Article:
3. Caching Service Methods

The typical use case for method caching is when you have Grails service methods that invoke expensive operations such as HTTP gets, web service calls, filesystem IO, etc.

Although you can use the Springcache plugin to cache service methods that query or update GORM domain objects you should consider whether it's more appropriate to use the Hibernate 2nd level cache (see the relevant sections in the Grails documentation). In some cases using Springcache does make sense, e.g. a service that aggregates the results of multiple queries.

Simply add an @Cacheable annotation to methods that should cache their results and a @CacheFlush annotation to methods that should flush caches.

Be aware that the annotations will only have any effect on Spring-managed beans. If you create instances of your class directly rather than getting them from the application context they will not be decorated with caching/flushing behaviour.

Method caching requires AspectJ auto-weaving to be enabled. If you have grails.spring.disable.aspectj.autoweaving = false set in config then method caching will not work. Content caching is unaffected as it uses a different mechanism.

A simple example might be:


def getPirates() {
    // return a list of pirates

@Cacheable("pirateCache") def findPirates(name) { // return a particular pirate }

@Cacheable("shipCache") def getShips() { // return a list of ships }

@CacheFlush("pirateCache") void registerNewPirate(Pirate sailor) { // store a new pirate }

@CacheFlush("shipCache") void registerNewShip(Ship ship) { // store a new ship }

@CacheFlush(["pirateCache", "shipCache"]) void registerNewShipWithCrew(Ship ship, Collection<Sailor> crew) { // store a new ship and associated pirates }

This ties the flushes on the register methods to the particular caches they affect, so after calling registerNewPirate the methods getPirates and findPirates will re-populate their cached results but getShips would still use any cached results from previous calls. Calling registerNewShipWithCrew will flush both caches.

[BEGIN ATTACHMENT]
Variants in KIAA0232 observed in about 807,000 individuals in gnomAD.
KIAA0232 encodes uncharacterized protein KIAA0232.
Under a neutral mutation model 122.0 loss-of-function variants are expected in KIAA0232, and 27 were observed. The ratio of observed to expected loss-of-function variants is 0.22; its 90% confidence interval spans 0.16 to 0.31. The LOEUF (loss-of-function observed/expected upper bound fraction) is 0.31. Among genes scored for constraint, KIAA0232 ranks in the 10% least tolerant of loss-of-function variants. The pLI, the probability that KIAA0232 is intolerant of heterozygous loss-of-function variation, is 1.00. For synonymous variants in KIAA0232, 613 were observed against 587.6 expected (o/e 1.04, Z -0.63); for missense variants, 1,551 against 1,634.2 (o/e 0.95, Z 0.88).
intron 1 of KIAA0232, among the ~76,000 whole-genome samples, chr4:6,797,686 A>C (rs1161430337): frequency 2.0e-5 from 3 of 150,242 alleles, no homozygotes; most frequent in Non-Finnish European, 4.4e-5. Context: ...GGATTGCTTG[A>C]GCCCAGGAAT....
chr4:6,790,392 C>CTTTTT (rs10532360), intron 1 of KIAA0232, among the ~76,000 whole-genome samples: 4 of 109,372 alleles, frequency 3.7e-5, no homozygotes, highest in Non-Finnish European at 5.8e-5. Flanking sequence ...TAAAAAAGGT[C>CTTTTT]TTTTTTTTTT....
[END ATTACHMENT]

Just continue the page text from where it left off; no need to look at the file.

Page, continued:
It is fine for multiple methods to share the same caches. Both getPirates and findPirates in the example above share the same cache. Cache entries are keyed on target object (the service instance in this case), method name and call parameters so there should be no confusion when using the same caches on multiple methods.

There are various strategies you can adopt in naming and grouping caches, this example shouldn't be seen as definitive.

3.1. Service Method Cache Keys

When a @Cacheable annotation is found on a service method the plugin generates a key using:

Since Grails services are typically Spring singletons the target object is not usually an issue. There's no need to implements equals or hashCode on your service classes unless you are using a different Spring bean scope and need to differentiate between calls made to different instances of the service.

It is, however, vital to ensure that equals and hashCode is properly implemented on all the types used as parameters to cached methods. If this is not done it is very unlikely that the cache will ever be hit.

3.2 Calling Cached Methods Internally

Service method caching is implemented via Spring AOP, which utilises proxies. In practical terms, this means that when depending on a service with a cached method in another service or controller (or anything else for that matter), you actual receive a proxy for the real service. This allows method calls to be intercepted and for caches to be checked or populated.

The implication of this however is that calls to this (implicit or explicit) do NOT go via the proxy.

Consider the following…

class ExampleService {

def nonCachedMethod() { cachedMethod() }

@Cacheable('cachedMethodCache') def cachedMethod() { // do some expensive stuff } }

You may expect that the nonCachedMethod() will use the cache for cachedMethod(), but it won't. The call is made on this which is the actual instance and not the proxy.

Fortunately, there is an easy workaround…

class ExampleService {

def grailsApplication

def nonCachedMethod() { grailsApplication.mainContext.exampleService.cachedMethod() }

@Cacheable('cachedMethodCache') def cachedMethod() { // do some expensive stuff } }

Instead of calling the method on this, we obtain the proxy via the application context (i.e. grailsApplication.mainContext.exampleService) and call the method on that. This way we go through the caching mechanism.